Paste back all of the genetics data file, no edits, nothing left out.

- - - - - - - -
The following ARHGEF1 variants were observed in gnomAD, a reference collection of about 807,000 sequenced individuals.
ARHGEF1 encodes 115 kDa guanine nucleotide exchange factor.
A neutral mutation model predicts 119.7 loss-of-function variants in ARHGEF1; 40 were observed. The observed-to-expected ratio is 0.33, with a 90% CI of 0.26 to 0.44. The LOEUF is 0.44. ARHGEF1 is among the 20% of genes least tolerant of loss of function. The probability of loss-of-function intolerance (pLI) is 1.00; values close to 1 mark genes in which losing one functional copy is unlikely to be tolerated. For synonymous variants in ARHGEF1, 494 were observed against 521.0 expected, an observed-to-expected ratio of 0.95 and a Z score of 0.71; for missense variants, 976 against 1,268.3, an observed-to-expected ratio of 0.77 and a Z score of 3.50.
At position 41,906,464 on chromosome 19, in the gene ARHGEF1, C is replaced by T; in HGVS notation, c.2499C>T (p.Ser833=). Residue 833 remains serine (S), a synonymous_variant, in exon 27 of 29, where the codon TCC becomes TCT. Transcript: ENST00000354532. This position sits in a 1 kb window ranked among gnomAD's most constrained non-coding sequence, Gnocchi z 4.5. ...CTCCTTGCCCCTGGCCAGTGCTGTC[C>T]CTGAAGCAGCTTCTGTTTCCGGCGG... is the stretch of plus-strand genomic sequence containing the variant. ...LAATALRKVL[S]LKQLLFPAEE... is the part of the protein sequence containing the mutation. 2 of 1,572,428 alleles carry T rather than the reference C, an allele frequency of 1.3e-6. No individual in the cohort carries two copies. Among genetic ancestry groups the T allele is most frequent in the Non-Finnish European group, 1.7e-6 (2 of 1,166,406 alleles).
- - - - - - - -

The following ARHGEF1 variants were observed in gnomAD, a reference collection of about 807,000 sequenced individuals.
ARHGEF1 encodes 115 kDa guanine nucleotide exchange factor.
A neutral mutation model predicts 119.7 loss-of-function variants in ARHGEF1; 40 were observed. The observed-to-expected ratio is 0.33, with a 90% CI of 0.26 to 0.44. The LOEUF is 0.44. ARHGEF1 is among the 20% of genes least tolerant of loss of function. The probability of loss-of-function intolerance (pLI) is 1.00; values close to 1 mark genes in which losing one functional copy is unlikely to be tolerated. For synonymous variants in ARHGEF1, 494 were observed against 521.0 expected, an observed-to-expected ratio of 0.95 and a Z score of 0.71; for missense variants, 976 against 1,268.3, an observed-to-expected ratio of 0.77 and a Z score of 3.50.
At position 41,906,464 on chromosome 19, in the gene ARHGEF1, C is replaced by T; in HGVS notation, c.2499C>T (p.Ser833=). Residue 833 remains serine (S), a synonymous_variant, in exon 27 of 29, where the codon TCC becomes TCT. Transcript: ENST00000354532. This position sits in a 1 kb window ranked among gnomAD's most constrained non-coding sequence, Gnocchi z 4.5. ...CTCCTTGCCCCTGGCCAGTGCTGTC[C>T]CTGAAGCAGCTTCTGTTTCCGGCGG... is the stretch of plus-strand genomic sequence containing the variant. ...LAATALRKVL[S]LKQLLFPAEE... is the part of the protein sequence containing the mutation. 2 of 1,572,428 alleles carry T rather than the reference C, an allele frequency of 1.3e-6. No individual in the cohort carries two copies. Among genetic ancestry groups the T allele is most frequent in the Non-Finnish European group, 1.7e-6 (2 of 1,166,406 alleles).